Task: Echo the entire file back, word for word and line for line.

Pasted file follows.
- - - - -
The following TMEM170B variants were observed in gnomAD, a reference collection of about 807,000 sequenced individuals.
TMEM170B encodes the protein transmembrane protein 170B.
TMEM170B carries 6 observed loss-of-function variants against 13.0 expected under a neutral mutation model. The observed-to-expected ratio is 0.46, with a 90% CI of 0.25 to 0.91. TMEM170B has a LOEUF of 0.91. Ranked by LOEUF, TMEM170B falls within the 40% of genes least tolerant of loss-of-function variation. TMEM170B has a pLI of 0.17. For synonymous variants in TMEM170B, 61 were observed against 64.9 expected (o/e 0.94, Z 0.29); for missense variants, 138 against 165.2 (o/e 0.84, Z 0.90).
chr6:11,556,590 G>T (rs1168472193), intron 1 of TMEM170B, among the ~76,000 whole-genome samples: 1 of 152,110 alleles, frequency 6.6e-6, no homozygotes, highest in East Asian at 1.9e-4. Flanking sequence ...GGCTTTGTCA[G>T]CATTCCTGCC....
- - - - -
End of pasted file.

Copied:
The following TMEM170B variants were observed in gnomAD, a reference collection of about 807,000 sequenced individuals.
TMEM170B encodes the protein transmembrane protein 170B.
TMEM170B carries 6 observed loss-of-function variants against 13.0 expected under a neutral mutation model. The observed-to-expected ratio is 0.46, with a 90% CI of 0.25 to 0.91. TMEM170B has a LOEUF of 0.91. Ranked by LOEUF, TMEM170B falls within the 40% of genes least tolerant of loss-of-function variation. TMEM170B has a pLI of 0.17. For synonymous variants in TMEM170B, 61 were observed against 64.9 expected (o/e 0.94, Z 0.29); for missense variants, 138 against 165.2 (o/e 0.84, Z 0.90).
chr6:11,556,590 G>T (rs1168472193), intron 1 of TMEM170B, among the ~76,000 whole-genome samples: 1 of 152,110 alleles, frequency 6.6e-6, no homozygotes, highest in East Asian at 1.9e-4. Flanking sequence ...GGCTTTGTCA[G>T]CATTCCTGCC....